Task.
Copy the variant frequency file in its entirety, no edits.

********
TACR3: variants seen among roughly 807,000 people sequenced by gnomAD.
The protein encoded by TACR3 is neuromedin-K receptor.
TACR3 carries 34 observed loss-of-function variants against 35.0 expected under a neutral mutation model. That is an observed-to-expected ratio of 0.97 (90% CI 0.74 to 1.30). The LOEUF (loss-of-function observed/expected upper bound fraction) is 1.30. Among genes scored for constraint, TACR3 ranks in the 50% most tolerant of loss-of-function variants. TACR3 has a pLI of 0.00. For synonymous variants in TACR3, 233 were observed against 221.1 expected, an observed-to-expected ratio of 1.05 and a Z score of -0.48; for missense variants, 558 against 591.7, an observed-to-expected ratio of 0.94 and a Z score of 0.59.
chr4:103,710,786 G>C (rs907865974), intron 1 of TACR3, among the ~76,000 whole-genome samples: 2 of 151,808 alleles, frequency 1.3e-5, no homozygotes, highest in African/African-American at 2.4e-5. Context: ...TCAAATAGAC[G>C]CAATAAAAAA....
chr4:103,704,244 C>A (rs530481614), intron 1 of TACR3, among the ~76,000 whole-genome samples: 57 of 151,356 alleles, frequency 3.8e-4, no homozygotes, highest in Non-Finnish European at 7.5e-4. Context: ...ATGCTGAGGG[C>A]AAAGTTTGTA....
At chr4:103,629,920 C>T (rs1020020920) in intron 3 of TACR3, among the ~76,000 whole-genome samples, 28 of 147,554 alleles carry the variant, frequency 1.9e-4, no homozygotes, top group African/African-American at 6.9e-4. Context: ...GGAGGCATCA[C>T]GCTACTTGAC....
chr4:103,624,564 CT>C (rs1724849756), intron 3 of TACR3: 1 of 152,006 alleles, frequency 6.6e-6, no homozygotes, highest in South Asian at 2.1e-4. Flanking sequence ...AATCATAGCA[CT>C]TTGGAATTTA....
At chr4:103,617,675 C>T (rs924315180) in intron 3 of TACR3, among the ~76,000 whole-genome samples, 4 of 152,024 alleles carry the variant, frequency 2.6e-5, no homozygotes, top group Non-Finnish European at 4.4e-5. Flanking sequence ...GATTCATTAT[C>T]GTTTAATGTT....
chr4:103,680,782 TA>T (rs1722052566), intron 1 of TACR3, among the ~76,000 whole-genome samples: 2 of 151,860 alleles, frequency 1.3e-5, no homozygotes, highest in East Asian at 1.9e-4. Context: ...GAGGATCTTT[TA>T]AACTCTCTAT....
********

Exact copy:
TACR3: variants seen among roughly 807,000 people sequenced by gnomAD.
The protein encoded by TACR3 is neuromedin-K receptor.
TACR3 carries 34 observed loss-of-function variants against 35.0 expected under a neutral mutation model. That is an observed-to-expected ratio of 0.97 (90% CI 0.74 to 1.30). The LOEUF (loss-of-function observed/expected upper bound fraction) is 1.30. Among genes scored for constraint, TACR3 ranks in the 50% most tolerant of loss-of-function variants. TACR3 has a pLI of 0.00. For synonymous variants in TACR3, 233 were observed against 221.1 expected, an observed-to-expected ratio of 1.05 and a Z score of -0.48; for missense variants, 558 against 591.7, an observed-to-expected ratio of 0.94 and a Z score of 0.59.
chr4:103,710,786 G>C (rs907865974), intron 1 of TACR3, among the ~76,000 whole-genome samples: 2 of 151,808 alleles, frequency 1.3e-5, no homozygotes, highest in African/African-American at 2.4e-5. Context: ...TCAAATAGAC[G>C]CAATAAAAAA....
chr4:103,704,244 C>A (rs530481614), intron 1 of TACR3, among the ~76,000 whole-genome samples: 57 of 151,356 alleles, frequency 3.8e-4, no homozygotes, highest in Non-Finnish European at 7.5e-4. Context: ...ATGCTGAGGG[C>A]AAAGTTTGTA....
At chr4:103,629,920 C>T (rs1020020920) in intron 3 of TACR3, among the ~76,000 whole-genome samples, 28 of 147,554 alleles carry the variant, frequency 1.9e-4, no homozygotes, top group African/African-American at 6.9e-4. Context: ...GGAGGCATCA[C>T]GCTACTTGAC....
chr4:103,624,564 CT>C (rs1724849756), intron 3 of TACR3: 1 of 152,006 alleles, frequency 6.6e-6, no homozygotes, highest in South Asian at 2.1e-4. Flanking sequence ...AATCATAGCA[CT>C]TTGGAATTTA....
At chr4:103,617,675 C>T (rs924315180) in intron 3 of TACR3, among the ~76,000 whole-genome samples, 4 of 152,024 alleles carry the variant, frequency 2.6e-5, no homozygotes, top group Non-Finnish European at 4.4e-5. Flanking sequence ...GATTCATTAT[C>T]GTTTAATGTT....
chr4:103,680,782 TA>T (rs1722052566), intron 1 of TACR3, among the ~76,000 whole-genome samples: 2 of 151,860 alleles, frequency 1.3e-5, no homozygotes, highest in East Asian at 1.9e-4. Context: ...GAGGATCTTT[TA>T]AACTCTCTAT....